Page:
Word for the Occasion

Most everyone knows a malapropism when they see it, even if they don’t know it’s called a malapropism. Here are some malapropisms (followed by the correct form):

  • After ten years you pass the statue of limitations (statute of limitations)
  • Better times are in the offering (in the offing)
  • His behavior was incompensable (incomprehensible)
  • He cut off his nose despite his face (to spite his face)
  • He was inflammable and never lost a case (infallible)

Besides these obvious errors there are not-so-obvious misuses that occur all too often. Subtle word misuse passes unnoticed even in well-educated people’s conversations, in office meetings, on TV news. One commonly misused word is “misnomer,” e.g., incorrect usage: “Thinking economic benefits will trickle down is a misnomer.” Misnomer does not mean a misapprehension, or a wrong conclusion. Misnomer means wrongly named or inappropriately named, e.g., correct usage: “Calling the US a democracy is a misnomer, it’s actually a republic.”

Another example is “literally,” e.g., incorrect: “The song’s remake made the original artist literally roll over in his grave.” This increasingly common abuse of literally is literally draining the impact of the word’s proper usage.

Then there’s the popular misuse of “disinterested,” e.g., incorrect: “Let’s all be attentive in this meeting, I don’t want to see any disinterested looks.” Disinterested, of course, means without bias, as in, “We’ll bring in a disinterested party to help resolve the disagreement.”

Another unfortunate trend is to use refute to mean deny or argue against, e.g., incorrect: “She refuted allegations of misconduct by pointing to her many years of service and self sacrifice.” Refute, remember, means to demonstrate logical necessity or produce evidence that disproves an allegation or theory. Denial and counterargument do not constitute refutation.

Anyone would be averse to false accusations; unfortunately, people nowadays are too often “adverse to false accusations.” The word “adverse” is often used as a wrong substitute for “averse.” Used correctly, “I am averse to leaving jobs unfinished, and unfinished jobs have an adverse effect on my state of mind, which might affect people around me (bonus correct usage of effect/affect).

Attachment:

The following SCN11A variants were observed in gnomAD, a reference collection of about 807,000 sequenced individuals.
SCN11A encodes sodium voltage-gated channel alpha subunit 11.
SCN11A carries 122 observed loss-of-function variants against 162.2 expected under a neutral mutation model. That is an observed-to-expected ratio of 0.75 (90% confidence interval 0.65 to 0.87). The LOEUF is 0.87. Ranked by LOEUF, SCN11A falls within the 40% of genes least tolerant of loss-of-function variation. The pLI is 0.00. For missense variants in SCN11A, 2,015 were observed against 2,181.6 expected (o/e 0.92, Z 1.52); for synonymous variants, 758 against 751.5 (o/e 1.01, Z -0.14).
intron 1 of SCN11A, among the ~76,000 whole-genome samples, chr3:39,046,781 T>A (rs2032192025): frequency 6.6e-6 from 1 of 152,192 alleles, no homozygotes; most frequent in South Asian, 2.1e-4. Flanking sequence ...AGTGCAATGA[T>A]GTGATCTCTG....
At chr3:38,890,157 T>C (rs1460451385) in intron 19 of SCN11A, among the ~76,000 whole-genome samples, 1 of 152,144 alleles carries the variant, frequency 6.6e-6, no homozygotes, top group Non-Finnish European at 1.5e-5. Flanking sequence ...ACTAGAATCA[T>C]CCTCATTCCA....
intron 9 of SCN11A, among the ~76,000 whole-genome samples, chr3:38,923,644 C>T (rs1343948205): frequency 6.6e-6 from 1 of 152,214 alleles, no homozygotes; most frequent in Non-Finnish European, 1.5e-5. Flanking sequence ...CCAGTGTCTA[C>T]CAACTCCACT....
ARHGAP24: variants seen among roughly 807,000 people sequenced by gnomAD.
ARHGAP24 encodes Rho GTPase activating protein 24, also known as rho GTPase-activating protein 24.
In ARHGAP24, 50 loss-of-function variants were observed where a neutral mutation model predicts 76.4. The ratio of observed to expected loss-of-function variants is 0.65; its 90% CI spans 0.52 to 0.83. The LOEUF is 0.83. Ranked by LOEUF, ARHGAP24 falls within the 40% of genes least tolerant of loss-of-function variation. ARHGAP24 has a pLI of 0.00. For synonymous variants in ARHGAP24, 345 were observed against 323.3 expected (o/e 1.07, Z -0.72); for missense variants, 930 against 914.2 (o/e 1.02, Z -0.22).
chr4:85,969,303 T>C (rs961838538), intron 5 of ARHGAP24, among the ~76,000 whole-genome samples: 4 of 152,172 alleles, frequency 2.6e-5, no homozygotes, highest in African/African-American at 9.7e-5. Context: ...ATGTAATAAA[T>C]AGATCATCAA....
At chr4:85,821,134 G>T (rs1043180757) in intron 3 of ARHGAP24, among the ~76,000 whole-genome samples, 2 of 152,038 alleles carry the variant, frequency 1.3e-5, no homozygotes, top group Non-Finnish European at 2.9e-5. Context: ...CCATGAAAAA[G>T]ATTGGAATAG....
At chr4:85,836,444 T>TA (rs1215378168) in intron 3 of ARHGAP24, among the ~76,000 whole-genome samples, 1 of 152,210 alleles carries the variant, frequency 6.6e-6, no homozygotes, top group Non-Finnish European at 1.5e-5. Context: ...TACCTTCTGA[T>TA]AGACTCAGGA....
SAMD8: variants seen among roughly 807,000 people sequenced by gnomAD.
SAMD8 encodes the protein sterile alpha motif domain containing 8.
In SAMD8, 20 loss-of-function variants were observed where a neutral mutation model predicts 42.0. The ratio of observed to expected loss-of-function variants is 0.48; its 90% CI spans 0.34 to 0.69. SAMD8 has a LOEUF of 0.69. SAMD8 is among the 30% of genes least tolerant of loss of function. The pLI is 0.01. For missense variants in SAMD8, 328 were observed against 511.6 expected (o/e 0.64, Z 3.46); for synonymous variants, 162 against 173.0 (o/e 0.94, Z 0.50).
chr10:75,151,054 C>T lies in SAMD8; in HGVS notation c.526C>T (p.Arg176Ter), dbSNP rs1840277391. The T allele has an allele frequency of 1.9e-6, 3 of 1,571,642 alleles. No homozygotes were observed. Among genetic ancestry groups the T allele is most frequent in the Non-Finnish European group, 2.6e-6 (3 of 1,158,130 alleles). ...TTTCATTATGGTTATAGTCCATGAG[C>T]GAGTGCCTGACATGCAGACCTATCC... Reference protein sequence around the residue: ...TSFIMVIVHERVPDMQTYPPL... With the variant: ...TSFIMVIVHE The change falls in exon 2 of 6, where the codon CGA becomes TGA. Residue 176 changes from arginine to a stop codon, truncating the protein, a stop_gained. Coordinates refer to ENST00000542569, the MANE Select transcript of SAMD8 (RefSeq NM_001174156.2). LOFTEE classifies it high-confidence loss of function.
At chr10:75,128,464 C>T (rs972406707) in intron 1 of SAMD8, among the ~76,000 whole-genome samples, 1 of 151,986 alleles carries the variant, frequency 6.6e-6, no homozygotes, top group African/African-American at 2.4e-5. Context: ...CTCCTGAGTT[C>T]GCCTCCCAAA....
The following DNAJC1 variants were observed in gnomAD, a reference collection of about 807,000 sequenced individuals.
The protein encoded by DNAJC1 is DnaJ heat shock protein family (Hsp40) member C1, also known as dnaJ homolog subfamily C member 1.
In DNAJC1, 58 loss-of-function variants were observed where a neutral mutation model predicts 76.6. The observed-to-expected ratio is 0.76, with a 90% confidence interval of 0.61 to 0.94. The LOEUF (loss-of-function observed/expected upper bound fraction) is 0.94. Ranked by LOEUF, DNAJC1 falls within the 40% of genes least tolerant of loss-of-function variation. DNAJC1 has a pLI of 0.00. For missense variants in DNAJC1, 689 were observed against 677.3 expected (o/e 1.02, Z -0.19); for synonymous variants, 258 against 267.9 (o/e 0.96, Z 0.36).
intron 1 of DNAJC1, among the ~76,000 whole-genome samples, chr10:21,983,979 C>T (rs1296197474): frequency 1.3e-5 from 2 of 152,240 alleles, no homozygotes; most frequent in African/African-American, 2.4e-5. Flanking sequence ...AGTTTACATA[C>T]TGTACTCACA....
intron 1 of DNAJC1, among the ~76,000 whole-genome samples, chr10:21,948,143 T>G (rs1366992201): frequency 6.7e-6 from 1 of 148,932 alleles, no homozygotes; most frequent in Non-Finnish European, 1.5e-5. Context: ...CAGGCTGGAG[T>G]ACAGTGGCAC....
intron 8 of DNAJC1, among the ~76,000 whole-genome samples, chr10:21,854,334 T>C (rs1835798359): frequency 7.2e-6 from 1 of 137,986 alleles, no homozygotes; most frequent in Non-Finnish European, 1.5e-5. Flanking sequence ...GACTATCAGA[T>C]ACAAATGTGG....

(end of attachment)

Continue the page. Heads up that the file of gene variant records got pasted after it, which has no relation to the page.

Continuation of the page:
I call these “word approximations” and I’m getting used to hearing them, which is sad. If you would like to be part of the solution, look up any word you are not absolutely sure you’re using correctly. Flout the sloppy usage trends and flaunt your word awareness. I would go even further and recommend choosing the best word, not just a not-wrong word. Some examples: More physical distance is farther instead of further, as in farther down the road. The US comprises fifty states, instead of “comprised of” fifty states. I ensure high quality, I insure my car, and I assure my friend that things will work out OK.

My wallet contains less money than yesterday, but it doesn’t contain less dollar bills, it contains fewer dollar bills. I chose the alternate plan and was glad I had alternatives. Don’t call bad treatment maltreatment until the mistreatment gets very bad. One’s culture does not inculcate people with its values, it inculcates values into people. But it might indoctrinate people with its values.

A lot of words with different connotations are often used interchangeably. But that depletes meaning in life as well as the meaning of words. Connotations expressed accurately color conversation, speeches, arguments, and life with uplifting poignancy. Hearing the right word or the right phrase for the occasion improves meaning and happiness for everyone. You can contribute to the improvement of the human condition by being the person uttering the right word and the right phrase.

Getting back to the lighter side of word-fail, if you think malapropisms are entertaining, you might also enjoy searching the Internet for “mondegreens” and “eggcorns.” If you search on the phrase “word usage” you’ll also find a lot of sites eager to help you get it right. Happy word hunting.

Reference Note: The most fun and informative word-analysis blog I’ve found is James Harbeck’s Sesquiotica, or “Word Tasting Notes.” He has analyzed words in more than a thousand playful and erudite entries which you can peruse in his handy Word Tasting Note Index.

This entry partly from my book
Potential of an Active Mind: How to Recapture the Magic of Everyday Life
© copyright Robert Rose-Coutré 2009, 2011, and 2012

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